July 2018

3 min read

Sales of existing condominiums and cooperatives declined by 4.8 percent at a seasonally adjusted annual rate to 590,000 units in July.

Source: NAHB

Multifamily Starts:

According to the U.S. Census Bureau and the U.S. Department of Housing and Urban Development, starts of buildings with five or more units increased by 3.1 percent at a seasonally adjusted annual rate in July 2018 to 303,000, after a 22.4 percent decrease in June. On a year-over-year basis, the July starts of five or more unit buildings were 9.6 percent below its July 2017 level.     

NAHB’s Multifamily Production Index (MPI) declined two points to 51 in the second quarter of 2018. The MPI measures builder and developer sentiment about current conditions in the multifamily market on a scale of 0 to 100. The index is scaled so that a number above 50 indicates that more respondents report conditions are improving than report conditions are getting worse.

Source: NAHB

CPI vs. Rent:

The headline Consumer Price Index (CPI) rose by 0.2 percent in July on a seasonally adjusted basis, faster than the 0.1 percent increase in June. Over the month of July, the Energy Price Index decreased by 0.5 percent, after a 0.3 percent decrease in June, while food prices increased by 0.1 percent. Excluding historically volatile food and energy prices, “core” CPI rose by 0.2 percent, the same increase as in May and June. Shelter prices, which are the largest consumer expenditure category, grew by 0.3 percent as rental prices, a component of the shelter index, grew by 0.3 percent in July. Since the increase in rental prices exceeded the growth rate in overall inflation, as measured by core-CPI, then NAHB’s Real Rent Index rose over the month of July, increasing by 0.1 percent. Over the past year, NAHB’s Real Rent Index has risen by 1.3 percent.

Source: NAHB

Existing Condo Sales and Prices:

Sales of existing condominiums and cooperatives declined by 4.8 percent at a seasonally adjusted annual rate to 590,000 units in July. Regionally, sales declined in the Northeast by 9.1 percent, Midwest by 12.5 percent and South by 3.6 percent, while sales in the West were unchanged. The months’ supply of homes rose to 4.3 months in July, from 4.1 months in June. Median prices on condos and co-ops nationwide rose by 3.2 percent over the past year to $248,100 in July. Median prices increased in the Northeast by 5.6 percent, Midwest by 1.2 percent and West by 4 percent, prices in the South decreased by 2.1 percent.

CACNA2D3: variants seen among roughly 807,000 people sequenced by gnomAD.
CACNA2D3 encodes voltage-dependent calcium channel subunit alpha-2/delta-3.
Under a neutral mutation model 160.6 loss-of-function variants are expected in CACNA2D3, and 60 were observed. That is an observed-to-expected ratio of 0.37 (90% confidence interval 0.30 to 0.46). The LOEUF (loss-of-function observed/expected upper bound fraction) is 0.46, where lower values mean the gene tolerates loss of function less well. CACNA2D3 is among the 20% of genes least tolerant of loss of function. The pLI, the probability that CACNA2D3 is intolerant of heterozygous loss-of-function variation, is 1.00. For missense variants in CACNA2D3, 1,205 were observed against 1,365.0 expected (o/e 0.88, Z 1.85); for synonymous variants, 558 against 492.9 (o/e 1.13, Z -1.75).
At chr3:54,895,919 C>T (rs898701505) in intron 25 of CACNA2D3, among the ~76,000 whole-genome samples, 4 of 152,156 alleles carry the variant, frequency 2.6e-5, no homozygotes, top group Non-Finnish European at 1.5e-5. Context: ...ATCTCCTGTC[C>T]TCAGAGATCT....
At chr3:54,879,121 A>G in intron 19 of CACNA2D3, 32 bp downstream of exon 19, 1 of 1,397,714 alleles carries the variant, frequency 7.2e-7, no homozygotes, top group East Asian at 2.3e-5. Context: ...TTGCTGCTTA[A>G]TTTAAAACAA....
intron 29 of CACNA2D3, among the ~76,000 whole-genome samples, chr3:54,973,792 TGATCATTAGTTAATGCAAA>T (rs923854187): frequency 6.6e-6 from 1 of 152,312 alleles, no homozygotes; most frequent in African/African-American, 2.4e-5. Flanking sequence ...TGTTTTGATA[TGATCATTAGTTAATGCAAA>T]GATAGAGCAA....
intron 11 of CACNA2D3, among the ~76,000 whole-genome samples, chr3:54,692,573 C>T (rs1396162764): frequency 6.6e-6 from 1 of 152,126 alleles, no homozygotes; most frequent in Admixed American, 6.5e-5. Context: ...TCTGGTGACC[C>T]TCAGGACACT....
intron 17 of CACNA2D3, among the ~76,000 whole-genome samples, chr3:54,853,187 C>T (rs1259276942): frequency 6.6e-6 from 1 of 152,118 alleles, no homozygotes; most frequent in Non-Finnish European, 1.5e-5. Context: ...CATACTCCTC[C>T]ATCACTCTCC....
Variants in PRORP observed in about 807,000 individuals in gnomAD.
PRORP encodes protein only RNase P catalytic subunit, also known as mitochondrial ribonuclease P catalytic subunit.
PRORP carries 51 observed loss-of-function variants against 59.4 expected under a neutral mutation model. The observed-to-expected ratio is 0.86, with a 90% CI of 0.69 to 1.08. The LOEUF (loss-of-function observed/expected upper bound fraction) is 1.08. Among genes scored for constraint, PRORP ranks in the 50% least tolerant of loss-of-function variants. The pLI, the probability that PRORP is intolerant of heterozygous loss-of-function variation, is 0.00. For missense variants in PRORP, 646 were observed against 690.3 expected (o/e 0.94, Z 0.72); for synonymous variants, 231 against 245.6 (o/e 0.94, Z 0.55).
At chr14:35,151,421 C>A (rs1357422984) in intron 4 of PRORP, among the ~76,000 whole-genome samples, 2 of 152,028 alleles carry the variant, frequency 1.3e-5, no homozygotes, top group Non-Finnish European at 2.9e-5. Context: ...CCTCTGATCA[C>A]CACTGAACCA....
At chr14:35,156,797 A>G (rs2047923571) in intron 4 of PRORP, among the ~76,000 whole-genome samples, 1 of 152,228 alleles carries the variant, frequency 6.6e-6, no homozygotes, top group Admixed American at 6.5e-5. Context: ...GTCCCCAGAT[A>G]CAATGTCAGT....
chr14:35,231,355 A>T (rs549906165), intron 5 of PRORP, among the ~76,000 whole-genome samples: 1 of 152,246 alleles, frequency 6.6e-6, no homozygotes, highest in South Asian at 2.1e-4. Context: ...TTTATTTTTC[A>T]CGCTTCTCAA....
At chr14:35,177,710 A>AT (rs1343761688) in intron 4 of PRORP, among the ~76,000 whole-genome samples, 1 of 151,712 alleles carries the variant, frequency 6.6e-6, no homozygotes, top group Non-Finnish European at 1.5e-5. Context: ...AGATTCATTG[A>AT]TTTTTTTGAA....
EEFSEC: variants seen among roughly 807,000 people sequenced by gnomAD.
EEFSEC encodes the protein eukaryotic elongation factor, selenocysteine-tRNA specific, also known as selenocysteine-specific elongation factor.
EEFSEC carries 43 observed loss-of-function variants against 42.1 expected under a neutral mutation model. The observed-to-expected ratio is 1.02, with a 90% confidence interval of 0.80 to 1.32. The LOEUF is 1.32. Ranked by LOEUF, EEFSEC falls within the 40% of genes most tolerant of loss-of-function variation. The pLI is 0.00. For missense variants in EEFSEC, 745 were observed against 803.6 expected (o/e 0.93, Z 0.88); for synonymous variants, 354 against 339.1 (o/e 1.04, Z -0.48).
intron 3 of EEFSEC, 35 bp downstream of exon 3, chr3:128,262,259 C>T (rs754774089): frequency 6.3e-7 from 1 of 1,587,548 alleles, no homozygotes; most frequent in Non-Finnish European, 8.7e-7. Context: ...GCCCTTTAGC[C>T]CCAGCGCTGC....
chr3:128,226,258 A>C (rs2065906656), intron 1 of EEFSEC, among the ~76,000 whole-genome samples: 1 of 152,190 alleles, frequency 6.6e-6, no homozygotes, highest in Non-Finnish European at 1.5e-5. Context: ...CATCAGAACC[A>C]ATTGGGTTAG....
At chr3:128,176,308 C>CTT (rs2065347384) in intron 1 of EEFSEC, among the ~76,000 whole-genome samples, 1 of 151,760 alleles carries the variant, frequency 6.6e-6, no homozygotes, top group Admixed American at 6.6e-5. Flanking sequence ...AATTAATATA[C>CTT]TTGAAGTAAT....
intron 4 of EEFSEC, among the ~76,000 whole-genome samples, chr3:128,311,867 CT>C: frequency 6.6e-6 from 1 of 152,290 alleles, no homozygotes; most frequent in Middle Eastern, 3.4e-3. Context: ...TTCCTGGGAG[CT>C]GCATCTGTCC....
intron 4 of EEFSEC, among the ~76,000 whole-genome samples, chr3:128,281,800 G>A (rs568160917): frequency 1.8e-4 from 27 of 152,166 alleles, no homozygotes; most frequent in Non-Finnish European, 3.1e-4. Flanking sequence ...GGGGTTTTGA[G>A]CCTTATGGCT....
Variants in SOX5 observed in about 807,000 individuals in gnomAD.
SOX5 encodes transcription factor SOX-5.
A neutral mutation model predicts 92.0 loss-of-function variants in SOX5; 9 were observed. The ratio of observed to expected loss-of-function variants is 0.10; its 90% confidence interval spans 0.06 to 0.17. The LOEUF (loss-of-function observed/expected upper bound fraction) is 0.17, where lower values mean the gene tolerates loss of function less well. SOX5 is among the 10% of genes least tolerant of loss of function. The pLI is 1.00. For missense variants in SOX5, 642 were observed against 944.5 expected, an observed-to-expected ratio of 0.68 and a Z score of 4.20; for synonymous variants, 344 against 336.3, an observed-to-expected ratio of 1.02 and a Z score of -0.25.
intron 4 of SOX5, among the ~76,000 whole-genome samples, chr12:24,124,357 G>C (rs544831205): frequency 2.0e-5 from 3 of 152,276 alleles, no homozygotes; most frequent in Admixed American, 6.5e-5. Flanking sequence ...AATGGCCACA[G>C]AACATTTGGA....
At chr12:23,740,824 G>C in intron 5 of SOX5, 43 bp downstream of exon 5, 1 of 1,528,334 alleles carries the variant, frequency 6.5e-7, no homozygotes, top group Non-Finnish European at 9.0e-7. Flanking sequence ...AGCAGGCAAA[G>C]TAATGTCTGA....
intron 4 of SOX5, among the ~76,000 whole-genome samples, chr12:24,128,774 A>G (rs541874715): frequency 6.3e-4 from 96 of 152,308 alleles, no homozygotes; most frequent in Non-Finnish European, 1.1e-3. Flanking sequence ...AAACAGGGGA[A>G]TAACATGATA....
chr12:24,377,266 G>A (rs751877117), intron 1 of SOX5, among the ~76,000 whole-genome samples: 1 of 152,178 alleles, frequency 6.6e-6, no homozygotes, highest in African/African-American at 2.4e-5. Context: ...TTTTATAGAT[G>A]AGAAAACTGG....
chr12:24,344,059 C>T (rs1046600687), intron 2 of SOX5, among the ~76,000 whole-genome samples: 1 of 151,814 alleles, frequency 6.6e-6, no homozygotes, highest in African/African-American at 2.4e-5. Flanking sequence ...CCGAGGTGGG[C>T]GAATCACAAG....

Source: NAHB

Building Materials:

The price of inputs to construction industries rose by 8.1 percent on a not seasonally adjusted basis over the past 12 months ending in July. This component of the Producer Price Index is composed of the price of inputs to new construction and the price of maintenance and repairs. Over the past year, the price of inputs to new construction increased by 8.1 percent, non-residential construction climbed 8 percent and residential construction rose by 8.1 percent. The price of maintenance and repairs construction grew by 8.2 percent, non-residential maintenance and repairs rose by 8.5 percent and residential maintenance rose by 7.8 percent over the past year. Meanwhile, the price of oriented strand board (OSB) rose by 30.2 percent, cement rose by 2.3 percent, Gypsum prices increased by 4.1 percent and the price of softwood plywood climbed 31.3 percent over the past 12 months.

Source: NAHB

For more information on the NAHB Multifamily program, please visit NAHB Multifamily.

Jing Fu, Ph.D. is a Senior Economist at NAHB. She monitors developments in the economy to identify trends and issues related to the housing industry. She also assists in forecasting and analyzing the state and metropolitan area housing market, producing research and articles detailing sectors and the geography of the home building industry. Prior to joining NAHB, Jing worked at Thomson Reuters as a data specialist and has extensive knowledge and experience on quantitative research and large data set analysis. She holds an M.A. and Ph.D. in Economics from the University of Kansas.

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